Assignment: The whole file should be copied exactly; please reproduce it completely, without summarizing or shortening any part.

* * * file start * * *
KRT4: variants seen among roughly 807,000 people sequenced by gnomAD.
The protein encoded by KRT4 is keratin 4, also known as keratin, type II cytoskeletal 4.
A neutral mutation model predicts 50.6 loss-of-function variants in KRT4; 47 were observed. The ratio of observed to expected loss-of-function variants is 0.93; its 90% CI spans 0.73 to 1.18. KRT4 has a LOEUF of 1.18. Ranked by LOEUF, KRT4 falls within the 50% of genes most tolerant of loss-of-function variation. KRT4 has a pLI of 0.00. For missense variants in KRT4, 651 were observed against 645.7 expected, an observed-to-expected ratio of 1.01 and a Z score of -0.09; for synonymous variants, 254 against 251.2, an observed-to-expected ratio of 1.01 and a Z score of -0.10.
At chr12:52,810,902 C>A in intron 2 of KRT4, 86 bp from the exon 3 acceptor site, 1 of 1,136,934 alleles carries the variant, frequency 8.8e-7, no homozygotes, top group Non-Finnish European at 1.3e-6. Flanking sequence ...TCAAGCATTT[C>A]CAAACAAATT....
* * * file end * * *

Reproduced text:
KRT4: variants seen among roughly 807,000 people sequenced by gnomAD.
The protein encoded by KRT4 is keratin 4, also known as keratin, type II cytoskeletal 4.
A neutral mutation model predicts 50.6 loss-of-function variants in KRT4; 47 were observed. The ratio of observed to expected loss-of-function variants is 0.93; its 90% CI spans 0.73 to 1.18. KRT4 has a LOEUF of 1.18. Ranked by LOEUF, KRT4 falls within the 50% of genes most tolerant of loss-of-function variation. KRT4 has a pLI of 0.00. For missense variants in KRT4, 651 were observed against 645.7 expected, an observed-to-expected ratio of 1.01 and a Z score of -0.09; for synonymous variants, 254 against 251.2, an observed-to-expected ratio of 1.01 and a Z score of -0.10.
At chr12:52,810,902 C>A in intron 2 of KRT4, 86 bp from the exon 3 acceptor site, 1 of 1,136,934 alleles carries the variant, frequency 8.8e-7, no homozygotes, top group Non-Finnish European at 1.3e-6. Flanking sequence ...TCAAGCATTT[C>A]CAAACAAATT....